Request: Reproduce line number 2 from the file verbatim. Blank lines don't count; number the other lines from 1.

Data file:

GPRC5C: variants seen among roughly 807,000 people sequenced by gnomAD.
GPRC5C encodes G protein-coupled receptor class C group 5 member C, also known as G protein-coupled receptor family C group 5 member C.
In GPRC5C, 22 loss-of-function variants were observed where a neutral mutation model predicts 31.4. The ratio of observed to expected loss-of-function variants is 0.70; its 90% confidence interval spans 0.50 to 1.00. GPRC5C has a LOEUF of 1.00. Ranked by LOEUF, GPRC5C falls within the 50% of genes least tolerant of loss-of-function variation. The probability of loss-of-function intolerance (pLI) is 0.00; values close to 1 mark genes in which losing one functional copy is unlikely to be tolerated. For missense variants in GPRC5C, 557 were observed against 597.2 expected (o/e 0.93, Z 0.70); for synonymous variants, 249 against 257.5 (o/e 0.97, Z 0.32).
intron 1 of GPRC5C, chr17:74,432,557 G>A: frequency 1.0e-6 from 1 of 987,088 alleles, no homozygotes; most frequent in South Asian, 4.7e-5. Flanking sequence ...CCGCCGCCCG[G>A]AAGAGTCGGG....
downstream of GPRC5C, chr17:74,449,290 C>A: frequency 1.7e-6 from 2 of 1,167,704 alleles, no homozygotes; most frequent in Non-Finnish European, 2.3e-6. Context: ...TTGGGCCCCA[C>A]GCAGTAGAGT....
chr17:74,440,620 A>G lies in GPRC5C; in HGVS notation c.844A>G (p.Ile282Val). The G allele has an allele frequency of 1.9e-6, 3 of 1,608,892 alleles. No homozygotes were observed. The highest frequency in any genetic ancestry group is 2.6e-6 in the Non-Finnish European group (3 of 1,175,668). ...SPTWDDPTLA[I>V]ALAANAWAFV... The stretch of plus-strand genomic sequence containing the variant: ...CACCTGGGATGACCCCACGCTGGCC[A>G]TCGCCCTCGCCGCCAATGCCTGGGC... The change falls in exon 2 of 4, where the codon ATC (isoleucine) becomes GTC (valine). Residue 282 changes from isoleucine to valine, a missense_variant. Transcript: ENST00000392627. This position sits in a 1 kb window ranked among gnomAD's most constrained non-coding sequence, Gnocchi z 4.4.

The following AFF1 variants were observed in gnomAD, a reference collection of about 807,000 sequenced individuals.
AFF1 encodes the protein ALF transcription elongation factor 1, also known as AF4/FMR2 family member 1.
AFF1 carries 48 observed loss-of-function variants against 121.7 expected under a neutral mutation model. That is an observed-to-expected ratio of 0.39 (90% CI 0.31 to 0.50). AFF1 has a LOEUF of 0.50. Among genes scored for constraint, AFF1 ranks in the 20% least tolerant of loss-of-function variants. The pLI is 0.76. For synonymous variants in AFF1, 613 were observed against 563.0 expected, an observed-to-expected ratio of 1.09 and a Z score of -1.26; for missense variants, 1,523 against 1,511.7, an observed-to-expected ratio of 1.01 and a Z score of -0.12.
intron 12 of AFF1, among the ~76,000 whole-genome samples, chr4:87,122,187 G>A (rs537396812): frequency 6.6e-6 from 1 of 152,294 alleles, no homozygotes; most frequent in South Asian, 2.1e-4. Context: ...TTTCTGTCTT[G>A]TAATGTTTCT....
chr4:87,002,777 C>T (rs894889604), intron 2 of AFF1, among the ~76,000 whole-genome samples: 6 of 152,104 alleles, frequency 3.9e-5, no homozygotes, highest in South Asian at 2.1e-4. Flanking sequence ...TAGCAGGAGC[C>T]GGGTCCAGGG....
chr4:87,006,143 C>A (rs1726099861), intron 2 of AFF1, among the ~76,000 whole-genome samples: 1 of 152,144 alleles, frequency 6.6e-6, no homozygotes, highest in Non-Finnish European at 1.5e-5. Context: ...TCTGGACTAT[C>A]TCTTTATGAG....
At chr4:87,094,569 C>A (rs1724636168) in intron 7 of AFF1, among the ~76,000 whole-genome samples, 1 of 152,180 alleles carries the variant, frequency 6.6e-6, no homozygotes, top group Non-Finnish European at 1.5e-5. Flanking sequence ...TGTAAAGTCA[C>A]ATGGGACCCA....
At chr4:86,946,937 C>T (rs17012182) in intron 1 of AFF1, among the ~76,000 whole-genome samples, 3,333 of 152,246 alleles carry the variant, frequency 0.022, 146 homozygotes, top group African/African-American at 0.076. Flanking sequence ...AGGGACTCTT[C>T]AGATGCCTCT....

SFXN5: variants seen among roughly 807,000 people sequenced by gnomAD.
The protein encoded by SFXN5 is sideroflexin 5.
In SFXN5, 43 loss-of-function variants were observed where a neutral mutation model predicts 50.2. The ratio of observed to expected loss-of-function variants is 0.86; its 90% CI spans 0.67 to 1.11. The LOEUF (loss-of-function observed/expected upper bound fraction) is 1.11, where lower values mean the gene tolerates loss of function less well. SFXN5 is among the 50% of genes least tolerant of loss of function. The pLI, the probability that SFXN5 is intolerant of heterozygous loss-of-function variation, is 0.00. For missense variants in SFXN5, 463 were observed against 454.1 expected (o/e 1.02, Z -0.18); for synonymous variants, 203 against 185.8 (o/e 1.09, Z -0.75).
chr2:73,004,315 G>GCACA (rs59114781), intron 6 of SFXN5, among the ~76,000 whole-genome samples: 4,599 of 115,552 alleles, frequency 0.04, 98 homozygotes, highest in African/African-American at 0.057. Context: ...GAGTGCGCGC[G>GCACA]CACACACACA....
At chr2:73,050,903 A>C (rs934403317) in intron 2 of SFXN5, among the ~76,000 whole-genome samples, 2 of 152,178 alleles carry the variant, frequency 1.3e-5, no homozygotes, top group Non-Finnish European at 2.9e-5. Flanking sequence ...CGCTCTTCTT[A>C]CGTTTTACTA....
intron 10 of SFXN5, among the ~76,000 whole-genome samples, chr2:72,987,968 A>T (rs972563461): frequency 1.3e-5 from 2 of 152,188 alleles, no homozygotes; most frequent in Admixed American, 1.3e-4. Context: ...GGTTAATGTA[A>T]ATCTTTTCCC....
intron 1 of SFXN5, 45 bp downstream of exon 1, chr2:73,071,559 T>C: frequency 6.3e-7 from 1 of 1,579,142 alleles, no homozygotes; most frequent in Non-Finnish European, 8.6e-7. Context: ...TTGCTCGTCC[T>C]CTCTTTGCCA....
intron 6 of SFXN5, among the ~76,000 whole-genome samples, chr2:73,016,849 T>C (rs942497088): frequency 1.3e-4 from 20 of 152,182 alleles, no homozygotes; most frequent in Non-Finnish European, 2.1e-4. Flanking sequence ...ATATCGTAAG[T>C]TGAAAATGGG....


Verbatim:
GPRC5C encodes G protein-coupled receptor class C group 5 member C, also known as G protein-coupled receptor family C group 5 member C.